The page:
Youth Environmental Leadership in Riparian Zone Management
Young people from the Tomahawk and Lac Du Flambeau tribes are working together to create a coalition that identifies riparian forest management issues, monitors environmental factors, and analyzes data. The coalition, which was created by Treehaven, also carries out a community support action plan. Goals of the coalition include increasing student and teacher awareness of the components necessary for a healthy riparian ecosystem, bolstering knowledge of scientific sampling techniques, and encouraging community involvement in environmental preservation.
Waterloo School District $7,797
Connie Schiestl, 813 North Monroe Street, Waterloo, WI 53594-1175
Waterloo School District Environmental Education Project
Supported by the Waterloo School District, this project encourages high school students to restore a shoreline habitat that was damaged when an unsafe dam on the Maunesha River was removed. The students learn how to design a habitat and grow some of the plants needed for the restoration. They are also building an interpretive walking path along the shoreline for community education purposes, and they are conducting soil and water sampling during the project. The high school students pass on their knowledge during field trips with middle and elementary school pupils.
Aldo Leopold Nature Center $20,273
Kathe Crowley Conn, 300 Femrite Drive, Monona, WI 53716
Nature Net Online Directory
A teachers' statewide on-line interactive directory answers the question "Where do I go on a field trip?" The directory provides links to nature center programs throughout Wisconsin. A teacher is able to view an on-line map of Wisconsin, identify a geographic area of interest, and click on that area to obtain a list of links to nature center programs.
River Revitalization Foundation, Inc. $9,865
Kimberly Gleffe, 200 N. Jefferson Street, #201, Milwaukee, WI 53202
Take Me to the River
The River Revitalization Foundation, Inc. works toward increasing awareness and appreciation of the Milwaukee River among minority students in the Milwaukee Public School District. More than 300 students are reached through the project.
Superior School District $11,100
Peggy Smith, 3025 Tower Avenue, Superior, WI 54880
Superior Community-Based Environmental Education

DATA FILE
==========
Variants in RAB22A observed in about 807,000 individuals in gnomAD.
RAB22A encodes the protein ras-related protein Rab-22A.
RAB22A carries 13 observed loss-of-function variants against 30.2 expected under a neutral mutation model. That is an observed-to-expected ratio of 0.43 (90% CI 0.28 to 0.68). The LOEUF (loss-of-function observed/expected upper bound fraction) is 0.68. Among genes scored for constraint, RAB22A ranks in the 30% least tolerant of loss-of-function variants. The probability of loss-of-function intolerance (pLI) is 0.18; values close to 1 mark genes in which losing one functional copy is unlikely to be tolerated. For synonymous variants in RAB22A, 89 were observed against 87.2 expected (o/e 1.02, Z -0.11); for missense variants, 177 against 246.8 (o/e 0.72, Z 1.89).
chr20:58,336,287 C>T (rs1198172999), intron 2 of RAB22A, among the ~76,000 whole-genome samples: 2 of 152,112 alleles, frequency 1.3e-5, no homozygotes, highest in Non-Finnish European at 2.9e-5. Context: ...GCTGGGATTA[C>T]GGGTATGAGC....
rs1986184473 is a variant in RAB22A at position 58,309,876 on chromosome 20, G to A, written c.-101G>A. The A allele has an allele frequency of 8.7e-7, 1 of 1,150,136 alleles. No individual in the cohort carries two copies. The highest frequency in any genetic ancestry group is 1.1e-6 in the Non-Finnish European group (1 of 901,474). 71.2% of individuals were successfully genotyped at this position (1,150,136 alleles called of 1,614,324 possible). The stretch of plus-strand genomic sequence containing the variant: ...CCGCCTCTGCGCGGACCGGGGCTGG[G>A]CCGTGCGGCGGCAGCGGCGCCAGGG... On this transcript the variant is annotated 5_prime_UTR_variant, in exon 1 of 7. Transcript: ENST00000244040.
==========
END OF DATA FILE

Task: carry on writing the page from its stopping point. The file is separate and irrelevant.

Eight teachers in grades 7 through 12 work with 10 representatives from local businesses and government agencies to develop 3 classroom projects that integrate site-based learning into the district's environmental education curriculum. Prior to project design, the teachers visit community workplaces to learn about current environmental challenges, industry concerns, and the academic skills needed for employment. An important goal of the project is to strengthen the school program through the development of partnerships.
Wisconsin Association for Environmental Education $5,000
Paul Denowski, 223 Nelson Hall, UWSP, Stevens Point, WI 54481
Investigating and Re-establishing Midwest Environmental Education Regionalism
The Midwest Environmental Education Conference is an annual regional conference encompassing eight states, including Illinois, Indiana, Iowa, Michigan, Minnesota, Missouri, Ohio and Wisconsin. The goal is to assemble key environmental education leaders from each state to examine the current regional structure, and to explore the opportunities for increasing environmental education capacity on a regional scale.
Marinette County Land & Water Conservation $5,000
George Cleereman, Courthouse, 1926 Hall Avenue, Marinette, WI 54143-1717
Shoreline Best Practices
Property owners receive special assistance from Marinette County Land & Water Conservation and that organization’s partners in developing stewardship plans for their properties. The plans focus on practices that are appropriate for upland and shoreland areas. Restoration and protection of vegetative shoreline buffers are key components of the plans. The goals of the project include increasing the property owners’ knowledge of the effects of development on shoreline habitat and water quality and encouraging participation in the stewardship planning process.
Wisconsin Wetlands Association $4,920
Charles Luthin, 222 South Hamilton Street, Suite 1, Madison, WI 53703
Wisconsin's Purple Loosestrife Bio-Control Program
The association and the Wisconsin Department of Natural Resources coordinates a workshop for teachers on biocontrol of the purple loosetrife. Teachers of grades 4 through 6 are written teaching materials developed from existing materials on biological control of purple loosetrife. The curriculum conforms to the state’s teaching standard.